MK Eldad draws ire of Bob Marley for video spoof

Universal Music Production Group alleges Eldad used reggae anthem "Iron, Lion, Zion" without obtaining permission to use copyrighted song.

MK Aryeh Eldad's campaign video 370 (photo credit: YouTube Screenshot)
MK Aryeh Eldad's campaign video 370
(photo credit: YouTube Screenshot)
After publishing his campaign video for the upcoming party membership drive, National Union MK Arye Eldad found himself at odds with an unexpected rival: Bob Marley, the King of Reggae himself.
Eldad used the reggae anthem “Iron, Lion, Zion,” as the background for his campaign video, which features children dressed in lion costumes (“Arye” means “lion” in Hebrew) gathering at his home. “If you’re in favor of two states for two nations, when one of the states is Jordan – If you’re against the Arab occupation, say ‘Amen,’” a narrator sings in the video.
But Universal Music Production Group, which owns the rights to Marley’s songs, says the video was made without obtaining permission to use the copyrighted song.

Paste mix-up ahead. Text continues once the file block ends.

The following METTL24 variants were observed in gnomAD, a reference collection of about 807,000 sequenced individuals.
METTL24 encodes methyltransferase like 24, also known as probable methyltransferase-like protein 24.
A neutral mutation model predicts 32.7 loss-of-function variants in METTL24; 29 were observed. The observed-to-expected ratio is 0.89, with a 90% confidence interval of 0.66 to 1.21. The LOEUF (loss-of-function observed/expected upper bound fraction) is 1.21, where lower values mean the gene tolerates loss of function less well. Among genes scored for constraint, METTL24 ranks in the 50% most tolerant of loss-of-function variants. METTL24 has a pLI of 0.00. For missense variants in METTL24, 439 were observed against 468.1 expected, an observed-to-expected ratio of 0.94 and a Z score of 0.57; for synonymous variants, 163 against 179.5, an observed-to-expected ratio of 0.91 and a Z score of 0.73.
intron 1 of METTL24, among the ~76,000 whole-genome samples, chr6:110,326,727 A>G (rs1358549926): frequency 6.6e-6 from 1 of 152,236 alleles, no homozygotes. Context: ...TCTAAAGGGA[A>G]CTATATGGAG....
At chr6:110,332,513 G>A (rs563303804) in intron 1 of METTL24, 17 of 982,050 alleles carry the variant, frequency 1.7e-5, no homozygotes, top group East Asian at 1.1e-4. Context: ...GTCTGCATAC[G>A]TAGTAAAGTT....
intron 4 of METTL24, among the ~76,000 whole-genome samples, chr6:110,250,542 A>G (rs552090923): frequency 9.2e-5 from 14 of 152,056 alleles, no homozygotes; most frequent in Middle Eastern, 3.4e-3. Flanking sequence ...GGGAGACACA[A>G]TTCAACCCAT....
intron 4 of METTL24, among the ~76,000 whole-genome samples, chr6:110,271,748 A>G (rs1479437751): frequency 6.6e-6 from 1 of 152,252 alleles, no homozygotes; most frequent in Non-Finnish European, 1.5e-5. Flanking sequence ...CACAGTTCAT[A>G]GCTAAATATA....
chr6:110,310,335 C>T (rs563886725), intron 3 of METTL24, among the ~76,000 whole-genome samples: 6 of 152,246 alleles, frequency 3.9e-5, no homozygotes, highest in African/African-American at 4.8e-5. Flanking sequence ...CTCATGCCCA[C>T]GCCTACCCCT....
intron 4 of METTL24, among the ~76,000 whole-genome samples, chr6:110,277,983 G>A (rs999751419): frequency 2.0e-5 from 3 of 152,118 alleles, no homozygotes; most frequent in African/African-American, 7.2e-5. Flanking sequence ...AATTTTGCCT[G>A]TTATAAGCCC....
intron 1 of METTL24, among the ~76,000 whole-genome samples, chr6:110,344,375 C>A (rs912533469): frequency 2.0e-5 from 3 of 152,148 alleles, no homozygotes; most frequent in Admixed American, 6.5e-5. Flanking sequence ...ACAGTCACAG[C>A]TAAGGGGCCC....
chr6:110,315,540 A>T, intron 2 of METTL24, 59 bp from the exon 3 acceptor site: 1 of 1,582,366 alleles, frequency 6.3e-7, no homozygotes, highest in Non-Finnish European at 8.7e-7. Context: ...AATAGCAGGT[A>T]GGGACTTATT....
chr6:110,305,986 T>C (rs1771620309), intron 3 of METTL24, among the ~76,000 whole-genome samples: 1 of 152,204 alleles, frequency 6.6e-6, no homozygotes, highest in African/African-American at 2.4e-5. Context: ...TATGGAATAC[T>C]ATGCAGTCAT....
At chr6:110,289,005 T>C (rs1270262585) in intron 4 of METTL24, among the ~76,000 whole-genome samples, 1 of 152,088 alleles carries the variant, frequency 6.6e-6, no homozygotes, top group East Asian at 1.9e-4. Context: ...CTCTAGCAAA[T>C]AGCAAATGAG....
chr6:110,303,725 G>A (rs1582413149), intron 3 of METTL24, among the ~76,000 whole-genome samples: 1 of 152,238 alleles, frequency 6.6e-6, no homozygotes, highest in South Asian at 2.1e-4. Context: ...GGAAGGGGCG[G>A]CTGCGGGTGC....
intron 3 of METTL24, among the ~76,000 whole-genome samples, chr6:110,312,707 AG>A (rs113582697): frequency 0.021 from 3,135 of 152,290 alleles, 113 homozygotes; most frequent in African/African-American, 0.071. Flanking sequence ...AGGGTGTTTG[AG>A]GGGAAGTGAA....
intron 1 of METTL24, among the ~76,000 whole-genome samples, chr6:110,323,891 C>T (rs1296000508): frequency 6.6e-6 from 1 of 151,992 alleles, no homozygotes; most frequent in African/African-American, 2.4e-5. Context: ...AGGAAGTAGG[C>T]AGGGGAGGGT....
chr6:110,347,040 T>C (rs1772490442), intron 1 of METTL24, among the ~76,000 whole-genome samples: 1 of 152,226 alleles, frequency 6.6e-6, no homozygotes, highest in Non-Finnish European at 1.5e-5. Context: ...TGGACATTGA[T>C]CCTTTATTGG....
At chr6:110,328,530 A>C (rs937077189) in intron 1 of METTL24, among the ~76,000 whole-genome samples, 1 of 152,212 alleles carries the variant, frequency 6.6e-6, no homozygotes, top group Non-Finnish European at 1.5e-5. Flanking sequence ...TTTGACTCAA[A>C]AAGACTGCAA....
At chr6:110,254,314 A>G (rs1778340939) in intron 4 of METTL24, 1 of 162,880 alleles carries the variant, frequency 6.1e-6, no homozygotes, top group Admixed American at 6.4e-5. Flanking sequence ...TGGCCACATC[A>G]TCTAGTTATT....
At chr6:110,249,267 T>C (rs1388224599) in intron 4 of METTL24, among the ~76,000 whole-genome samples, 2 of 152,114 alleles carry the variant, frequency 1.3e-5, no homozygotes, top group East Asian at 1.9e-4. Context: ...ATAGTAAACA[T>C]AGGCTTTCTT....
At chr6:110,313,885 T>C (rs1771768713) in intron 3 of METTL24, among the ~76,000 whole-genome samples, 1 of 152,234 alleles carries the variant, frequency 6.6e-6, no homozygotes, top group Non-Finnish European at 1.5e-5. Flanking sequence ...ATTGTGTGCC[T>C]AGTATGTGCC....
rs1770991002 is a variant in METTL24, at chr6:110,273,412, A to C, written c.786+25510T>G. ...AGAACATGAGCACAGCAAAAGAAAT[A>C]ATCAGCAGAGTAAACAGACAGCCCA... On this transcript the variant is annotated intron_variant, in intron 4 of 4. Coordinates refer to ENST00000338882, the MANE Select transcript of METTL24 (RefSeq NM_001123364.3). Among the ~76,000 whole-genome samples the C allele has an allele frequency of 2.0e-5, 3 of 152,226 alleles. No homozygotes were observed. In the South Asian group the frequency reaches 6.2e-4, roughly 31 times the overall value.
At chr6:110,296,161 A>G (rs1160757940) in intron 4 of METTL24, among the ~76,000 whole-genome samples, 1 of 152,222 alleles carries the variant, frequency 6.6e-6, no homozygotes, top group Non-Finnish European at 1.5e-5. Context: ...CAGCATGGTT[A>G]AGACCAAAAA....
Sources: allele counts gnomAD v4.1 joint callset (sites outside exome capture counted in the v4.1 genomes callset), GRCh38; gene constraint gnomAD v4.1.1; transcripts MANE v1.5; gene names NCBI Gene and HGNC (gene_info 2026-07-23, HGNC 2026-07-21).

Universal’s representative in Israel, Media Man Group, sent a warning letter to Eldad on Thursday instructing him to remove the video from the Web immediately, said Ran Geffen, the CEO of Media Man. Amit Karmon, a lawyer who works with Media Man, said the company is considering further legal action if the video is not removed from the Internet.
According to a copy of the warning letter published online, Media Man is seeking NIS 500,000 in compensation.
“Bob Marley’s heirs are disgusted and deeply hurt by the stated violation of rights and the use of political extremism, by the extreme, overt and insulting political use of the late Mr. Marley’s legacy and creation, which, putting it mildly, humiliates him and his efforts,” the letter states.
Bob Marley’s son, Ziggy Marley, is married to Orly Marley, an Israeli who is also his manager. Orly Marley said in a recent interview with Calcalist that they must “sue without exception” anyone who creates unlicensed Bob Marley products in order to protect the artists’ legacy.
“We did not mean to violate a copyright,” Eldad said on Thursday. “The use of covers in funny videos and political messages is endless and floods the Internet.”
According to the National Union MK, the lawsuit is spiteful, but as the issue has not yet been resolved, he has removed the clip from his website. Eldad is the leader of Hatikva, one of the three parties that make up the National Union faction.
The campaign video, however, can still be seen on YouTube.